Sunday, July 7, 2013

Another perspective on the information transfer model

$$ Q^d = \text{NGDP}(t) $$
$$ Q^s = \text{MB}(t) $$
As in the previous few posts, and using the equations
P = \frac{1}{\kappa} \left( \frac{Q^d_\text{ref}}{Q^s_\text{ref}} \right) \left( \frac{Q^s}{Q^s_\text{ref}} \right)^{1/\kappa-1}
 $$ \frac{1}{\kappa} = \frac{\log Q^d}{\log Q^s} $$
I graphed the empirical data from FRED (in green, with the identification $P = \text{CPI}$) and the model fit (blue) along with the the previous equations as a function of $Q^s = \text{MB}$ and $Q^d = \text{NGDP}$ (the 2D surface). One can imagine the blue line as the best fit to the green curve constrained to the surface. Time goes along the curves from 1960 to 2013. The dashed gray line is the local maximum of the surface in the $Q^s$ dimension for a fixed $Q^d$ (i.e. it follows the ridgeline). I show two different perspectives on the surface (the flat region is simply the edge of the graphed region and not significant):

In the following pair, I've zoomed in on the time series from 1990 to 2013

I am going to leave my musings in the comment section, if I end up having anything novel to say.


  1. Part of the reason I put this plot together is that I hoped it would illustrate a counterintuitive effect in the model: increases in the money supply can be deflationary in the short run. It depends on the NGDP and $\kappa$ at the time.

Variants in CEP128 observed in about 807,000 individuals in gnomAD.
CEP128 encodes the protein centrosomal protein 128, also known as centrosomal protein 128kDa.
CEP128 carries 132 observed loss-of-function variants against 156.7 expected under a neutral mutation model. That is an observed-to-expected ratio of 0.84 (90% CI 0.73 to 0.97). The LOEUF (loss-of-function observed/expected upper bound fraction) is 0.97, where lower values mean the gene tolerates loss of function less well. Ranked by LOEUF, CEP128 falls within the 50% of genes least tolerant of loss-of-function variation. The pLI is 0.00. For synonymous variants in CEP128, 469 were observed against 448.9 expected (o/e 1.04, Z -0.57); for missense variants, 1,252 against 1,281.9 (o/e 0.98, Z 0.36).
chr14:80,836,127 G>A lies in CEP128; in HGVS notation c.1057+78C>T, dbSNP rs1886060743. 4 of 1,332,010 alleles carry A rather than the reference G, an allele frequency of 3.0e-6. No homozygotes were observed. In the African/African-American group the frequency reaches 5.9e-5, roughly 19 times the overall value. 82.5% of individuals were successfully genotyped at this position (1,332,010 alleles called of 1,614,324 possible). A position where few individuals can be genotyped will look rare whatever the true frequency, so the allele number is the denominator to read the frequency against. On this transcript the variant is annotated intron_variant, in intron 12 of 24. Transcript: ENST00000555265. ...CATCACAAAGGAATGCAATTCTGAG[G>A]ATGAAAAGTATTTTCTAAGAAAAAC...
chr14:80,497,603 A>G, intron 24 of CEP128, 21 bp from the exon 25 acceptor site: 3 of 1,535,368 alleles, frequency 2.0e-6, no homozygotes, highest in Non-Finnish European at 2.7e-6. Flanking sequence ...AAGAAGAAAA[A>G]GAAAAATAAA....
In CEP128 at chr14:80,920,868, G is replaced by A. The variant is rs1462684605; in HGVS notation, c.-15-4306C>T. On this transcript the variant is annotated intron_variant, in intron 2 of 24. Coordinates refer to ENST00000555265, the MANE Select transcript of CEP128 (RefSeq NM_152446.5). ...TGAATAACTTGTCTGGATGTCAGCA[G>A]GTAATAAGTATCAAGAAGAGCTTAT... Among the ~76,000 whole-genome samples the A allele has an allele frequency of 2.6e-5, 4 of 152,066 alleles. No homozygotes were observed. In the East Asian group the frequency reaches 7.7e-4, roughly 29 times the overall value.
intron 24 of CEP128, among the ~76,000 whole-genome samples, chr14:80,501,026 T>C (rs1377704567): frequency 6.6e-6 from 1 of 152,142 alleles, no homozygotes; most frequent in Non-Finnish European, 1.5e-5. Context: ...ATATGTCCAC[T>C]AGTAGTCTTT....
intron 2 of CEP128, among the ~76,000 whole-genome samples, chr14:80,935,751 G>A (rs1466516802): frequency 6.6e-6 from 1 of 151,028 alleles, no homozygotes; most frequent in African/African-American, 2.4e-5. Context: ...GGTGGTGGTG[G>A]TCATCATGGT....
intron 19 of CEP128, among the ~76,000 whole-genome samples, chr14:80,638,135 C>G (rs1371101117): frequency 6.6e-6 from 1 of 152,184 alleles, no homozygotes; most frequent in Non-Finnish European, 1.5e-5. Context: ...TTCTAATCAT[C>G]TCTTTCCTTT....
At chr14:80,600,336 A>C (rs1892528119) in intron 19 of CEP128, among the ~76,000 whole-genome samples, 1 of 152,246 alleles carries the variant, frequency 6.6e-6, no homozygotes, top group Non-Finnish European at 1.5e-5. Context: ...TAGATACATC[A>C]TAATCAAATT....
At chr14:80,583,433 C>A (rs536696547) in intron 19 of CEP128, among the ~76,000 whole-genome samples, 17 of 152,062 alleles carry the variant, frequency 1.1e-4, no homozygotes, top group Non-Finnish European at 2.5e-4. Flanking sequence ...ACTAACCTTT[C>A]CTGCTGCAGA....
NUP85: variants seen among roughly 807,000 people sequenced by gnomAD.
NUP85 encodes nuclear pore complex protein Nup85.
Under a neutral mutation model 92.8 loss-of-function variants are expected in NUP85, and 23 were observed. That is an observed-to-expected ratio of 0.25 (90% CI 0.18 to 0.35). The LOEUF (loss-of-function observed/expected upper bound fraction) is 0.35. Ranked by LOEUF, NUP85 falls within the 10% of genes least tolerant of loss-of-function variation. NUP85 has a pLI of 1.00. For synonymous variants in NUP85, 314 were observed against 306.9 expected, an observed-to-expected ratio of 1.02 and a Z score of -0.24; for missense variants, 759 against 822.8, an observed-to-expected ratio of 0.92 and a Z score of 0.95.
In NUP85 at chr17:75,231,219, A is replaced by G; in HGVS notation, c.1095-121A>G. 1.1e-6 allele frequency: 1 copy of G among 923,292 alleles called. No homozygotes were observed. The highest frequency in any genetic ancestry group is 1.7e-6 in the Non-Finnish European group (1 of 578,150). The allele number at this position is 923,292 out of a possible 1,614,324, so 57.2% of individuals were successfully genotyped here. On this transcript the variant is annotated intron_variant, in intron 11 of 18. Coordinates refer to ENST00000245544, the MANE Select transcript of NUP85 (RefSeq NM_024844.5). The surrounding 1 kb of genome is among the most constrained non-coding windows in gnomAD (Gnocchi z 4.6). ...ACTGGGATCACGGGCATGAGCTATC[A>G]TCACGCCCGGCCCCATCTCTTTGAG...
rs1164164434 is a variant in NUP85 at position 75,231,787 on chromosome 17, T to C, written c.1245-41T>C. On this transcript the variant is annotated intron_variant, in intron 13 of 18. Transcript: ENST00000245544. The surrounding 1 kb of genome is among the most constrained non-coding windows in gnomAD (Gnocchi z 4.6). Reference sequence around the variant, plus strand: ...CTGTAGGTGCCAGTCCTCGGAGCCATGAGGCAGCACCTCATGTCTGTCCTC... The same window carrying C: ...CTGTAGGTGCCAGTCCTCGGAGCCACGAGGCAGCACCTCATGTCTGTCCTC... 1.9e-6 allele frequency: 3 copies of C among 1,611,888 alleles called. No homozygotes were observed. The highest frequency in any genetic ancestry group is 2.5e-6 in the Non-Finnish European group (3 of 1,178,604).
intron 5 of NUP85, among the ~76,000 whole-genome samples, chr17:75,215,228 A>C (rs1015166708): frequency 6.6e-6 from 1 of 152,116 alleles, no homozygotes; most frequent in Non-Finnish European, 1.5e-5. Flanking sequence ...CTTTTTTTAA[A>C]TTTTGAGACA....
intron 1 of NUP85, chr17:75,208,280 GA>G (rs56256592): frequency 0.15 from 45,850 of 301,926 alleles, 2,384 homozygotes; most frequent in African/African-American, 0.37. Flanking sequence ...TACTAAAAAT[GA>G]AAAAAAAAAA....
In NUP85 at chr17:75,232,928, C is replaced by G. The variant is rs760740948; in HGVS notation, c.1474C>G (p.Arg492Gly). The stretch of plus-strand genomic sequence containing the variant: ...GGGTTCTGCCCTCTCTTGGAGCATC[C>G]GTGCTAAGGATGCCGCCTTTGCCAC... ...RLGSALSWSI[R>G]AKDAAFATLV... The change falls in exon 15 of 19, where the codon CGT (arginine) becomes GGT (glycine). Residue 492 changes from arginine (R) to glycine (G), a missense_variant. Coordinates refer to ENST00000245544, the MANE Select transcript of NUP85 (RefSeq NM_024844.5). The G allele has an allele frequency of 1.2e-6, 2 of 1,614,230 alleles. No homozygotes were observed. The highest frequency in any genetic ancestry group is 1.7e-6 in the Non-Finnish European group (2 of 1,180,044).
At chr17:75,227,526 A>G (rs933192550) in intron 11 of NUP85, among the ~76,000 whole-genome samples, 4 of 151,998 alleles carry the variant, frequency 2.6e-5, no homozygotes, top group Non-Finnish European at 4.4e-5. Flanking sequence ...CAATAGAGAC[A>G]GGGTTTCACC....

And it does! You can see the bursts of QE pushing the time series data over the ridge, resulting in a decrease in the price level.

    Of course the empirical data doesn't do this -- it just goes across at a constant level before rising again.

  2. Note that NDGP can be thought of as a time variable along the curve.

  3. Also note the data was fit to the entire time series so as to minimize the integrated difference between the CPI and model result.

  4. Does this model show that the quantitative easing hasn't really done much of anything? If we are near the local maximum/ridgeline of the surface, the gradient is approximately zero and large changes in $Q^s$ are going to have little effect.

    The location of the ridgeline is where $Q^s \sim \exp \sqrt{\log Q^d}$ for large $Q^d$. Luckily for the QTM model, this runs off to infinity so if $Q^s$ is over the ridge, slow to zero growth in the MB will push us back to the other side eventually.

  5. There is a much better fit in this post:


Comments are welcome. Please see the Moderation and comment policy.

Also, try to avoid the use of dollar signs as they interfere with my setup of mathjax. I left it set up that way because I think this is funny for an economics blog. You can use € or £ instead.

Note: Only a member of this blog may post a comment.